Buy and Hold is a viral strategy adhered by many. It is so beloved that any criticism draws the ire of its cult-like followers. When I began my investment career, I was advised to buy stocks of a good company, stay invested and reap its benefits. But I learned the hard way of this misinformation.
So, let me break the myth.
In 2010, three professors conducted a study on Warren Buffet's investments. In their research, "Overconfidence, Under-Reaction, and Warren Buffett's Investments", John Hughes, Jing Liu and Mingshan Zhang studied how investment experts and traders contribute to market underreactions based on Berkshire Hathaway's actions. The study inferred that the median holding period is a year, with 30% of stocks held less than 6 months.
Most people cite Warren Buffett’s buy and hold investing philosophy yet have not yet understood Warren Buffett. As an astute investor, Warren Buffet does not blindly believe in buy and hold. Rather, he looks into the intrinsic value of a stock after deeply studying the company thoroughly.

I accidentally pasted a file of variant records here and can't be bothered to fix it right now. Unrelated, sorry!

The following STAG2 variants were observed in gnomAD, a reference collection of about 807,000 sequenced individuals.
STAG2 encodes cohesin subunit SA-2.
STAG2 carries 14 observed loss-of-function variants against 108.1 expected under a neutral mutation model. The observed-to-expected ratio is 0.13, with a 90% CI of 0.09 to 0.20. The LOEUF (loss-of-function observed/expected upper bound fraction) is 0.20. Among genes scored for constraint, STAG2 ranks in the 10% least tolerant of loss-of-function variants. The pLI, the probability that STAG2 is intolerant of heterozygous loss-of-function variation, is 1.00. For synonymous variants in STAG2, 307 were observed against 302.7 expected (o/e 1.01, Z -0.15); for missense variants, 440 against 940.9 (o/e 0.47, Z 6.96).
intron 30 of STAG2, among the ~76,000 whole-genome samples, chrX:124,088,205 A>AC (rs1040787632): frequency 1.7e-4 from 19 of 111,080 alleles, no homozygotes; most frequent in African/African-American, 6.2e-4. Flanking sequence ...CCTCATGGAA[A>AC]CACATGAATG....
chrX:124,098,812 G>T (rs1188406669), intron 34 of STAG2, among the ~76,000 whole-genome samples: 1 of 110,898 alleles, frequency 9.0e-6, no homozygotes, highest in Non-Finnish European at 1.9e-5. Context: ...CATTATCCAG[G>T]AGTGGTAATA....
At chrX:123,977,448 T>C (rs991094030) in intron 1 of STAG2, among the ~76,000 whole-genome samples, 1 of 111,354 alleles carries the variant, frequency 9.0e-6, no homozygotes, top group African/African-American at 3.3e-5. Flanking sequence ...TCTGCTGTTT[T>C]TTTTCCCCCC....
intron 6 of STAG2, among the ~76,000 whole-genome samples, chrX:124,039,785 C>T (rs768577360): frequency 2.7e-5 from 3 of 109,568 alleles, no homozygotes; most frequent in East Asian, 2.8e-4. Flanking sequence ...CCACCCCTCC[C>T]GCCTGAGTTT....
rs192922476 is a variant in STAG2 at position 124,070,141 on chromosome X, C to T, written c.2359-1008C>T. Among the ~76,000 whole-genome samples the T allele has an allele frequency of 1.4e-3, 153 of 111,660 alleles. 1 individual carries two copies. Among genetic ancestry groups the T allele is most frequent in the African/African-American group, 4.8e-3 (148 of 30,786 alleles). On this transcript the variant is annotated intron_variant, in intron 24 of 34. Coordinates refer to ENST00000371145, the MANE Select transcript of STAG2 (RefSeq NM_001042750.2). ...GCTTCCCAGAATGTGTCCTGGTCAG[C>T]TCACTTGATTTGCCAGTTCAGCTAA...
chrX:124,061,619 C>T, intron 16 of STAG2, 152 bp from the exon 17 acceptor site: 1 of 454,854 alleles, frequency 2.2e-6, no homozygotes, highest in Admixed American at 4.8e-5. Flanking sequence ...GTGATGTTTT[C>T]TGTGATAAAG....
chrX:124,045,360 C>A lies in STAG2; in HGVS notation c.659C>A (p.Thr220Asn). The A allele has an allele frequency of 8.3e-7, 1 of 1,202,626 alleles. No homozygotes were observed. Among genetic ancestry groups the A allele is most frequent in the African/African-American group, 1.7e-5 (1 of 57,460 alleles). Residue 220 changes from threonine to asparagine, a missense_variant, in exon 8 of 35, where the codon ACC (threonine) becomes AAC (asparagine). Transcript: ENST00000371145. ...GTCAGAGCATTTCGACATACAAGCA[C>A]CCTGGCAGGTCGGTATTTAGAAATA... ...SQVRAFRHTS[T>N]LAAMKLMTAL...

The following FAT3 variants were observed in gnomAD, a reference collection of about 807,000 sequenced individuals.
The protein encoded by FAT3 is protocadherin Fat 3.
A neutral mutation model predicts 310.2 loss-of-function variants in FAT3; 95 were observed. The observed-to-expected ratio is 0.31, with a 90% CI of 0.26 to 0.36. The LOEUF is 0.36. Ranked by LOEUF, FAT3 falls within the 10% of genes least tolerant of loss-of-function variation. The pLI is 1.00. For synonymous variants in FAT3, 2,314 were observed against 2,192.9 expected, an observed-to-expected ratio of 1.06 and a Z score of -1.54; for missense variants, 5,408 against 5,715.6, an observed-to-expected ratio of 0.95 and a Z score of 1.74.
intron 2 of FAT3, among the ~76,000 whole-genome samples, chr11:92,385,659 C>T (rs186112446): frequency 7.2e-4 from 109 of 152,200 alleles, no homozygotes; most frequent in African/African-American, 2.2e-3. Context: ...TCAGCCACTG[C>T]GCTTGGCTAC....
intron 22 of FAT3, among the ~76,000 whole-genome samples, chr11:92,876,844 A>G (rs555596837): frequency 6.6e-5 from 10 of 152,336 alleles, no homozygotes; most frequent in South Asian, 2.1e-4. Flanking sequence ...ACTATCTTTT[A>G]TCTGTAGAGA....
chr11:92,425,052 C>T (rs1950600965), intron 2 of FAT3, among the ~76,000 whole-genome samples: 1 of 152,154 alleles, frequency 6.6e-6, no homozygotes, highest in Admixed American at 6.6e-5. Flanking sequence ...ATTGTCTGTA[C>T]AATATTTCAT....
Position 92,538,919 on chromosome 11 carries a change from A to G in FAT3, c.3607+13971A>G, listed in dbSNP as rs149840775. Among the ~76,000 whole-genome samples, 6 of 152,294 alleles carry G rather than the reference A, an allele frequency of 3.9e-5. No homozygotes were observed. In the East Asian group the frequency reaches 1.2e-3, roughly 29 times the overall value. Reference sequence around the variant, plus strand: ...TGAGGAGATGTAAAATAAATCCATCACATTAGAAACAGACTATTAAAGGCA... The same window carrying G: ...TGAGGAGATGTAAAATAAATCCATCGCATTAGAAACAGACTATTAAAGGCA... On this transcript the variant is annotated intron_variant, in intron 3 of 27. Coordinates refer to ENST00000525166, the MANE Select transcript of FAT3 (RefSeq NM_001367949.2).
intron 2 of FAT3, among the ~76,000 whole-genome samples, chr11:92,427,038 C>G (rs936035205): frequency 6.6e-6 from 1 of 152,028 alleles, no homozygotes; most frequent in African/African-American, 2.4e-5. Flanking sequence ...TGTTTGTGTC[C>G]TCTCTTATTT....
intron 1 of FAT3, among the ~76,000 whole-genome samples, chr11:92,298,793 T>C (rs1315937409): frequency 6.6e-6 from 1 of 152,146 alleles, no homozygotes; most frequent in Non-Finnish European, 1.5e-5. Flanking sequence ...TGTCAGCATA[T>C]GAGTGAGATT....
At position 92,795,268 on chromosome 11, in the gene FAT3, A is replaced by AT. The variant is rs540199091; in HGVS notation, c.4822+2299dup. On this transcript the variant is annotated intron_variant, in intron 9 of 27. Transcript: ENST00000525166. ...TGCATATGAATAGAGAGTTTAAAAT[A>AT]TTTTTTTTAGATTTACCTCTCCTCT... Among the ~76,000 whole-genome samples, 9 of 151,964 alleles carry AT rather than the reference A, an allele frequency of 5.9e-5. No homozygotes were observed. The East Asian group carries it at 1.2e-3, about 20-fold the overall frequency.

In fact, Berkshire Hathway, Buffet’s company, pared its stakes in 2021 three drug stocks—AbbVie, Bristol-Myers Squibb, and Merck, which he acquired in 2020.
Avoiding the risks associated with buy and hold
As a passive investment strategy, buy and hold involves buying stocks and holding them for an extended period, regardless of market fluctuations. That means, if you have invested in a good company several years ago, the strategy states you need to stay invested in creating wealth. But if it was so easy, all of us would have been millionaires.
A company that was good eons ago may deteriorate over a while and may not make the kind of returns you've been expecting. Even the best-of-the-best companies go through a change and shift in paradigms over time. Either the business they are into is no longer relevant, or the management cannot capitalize.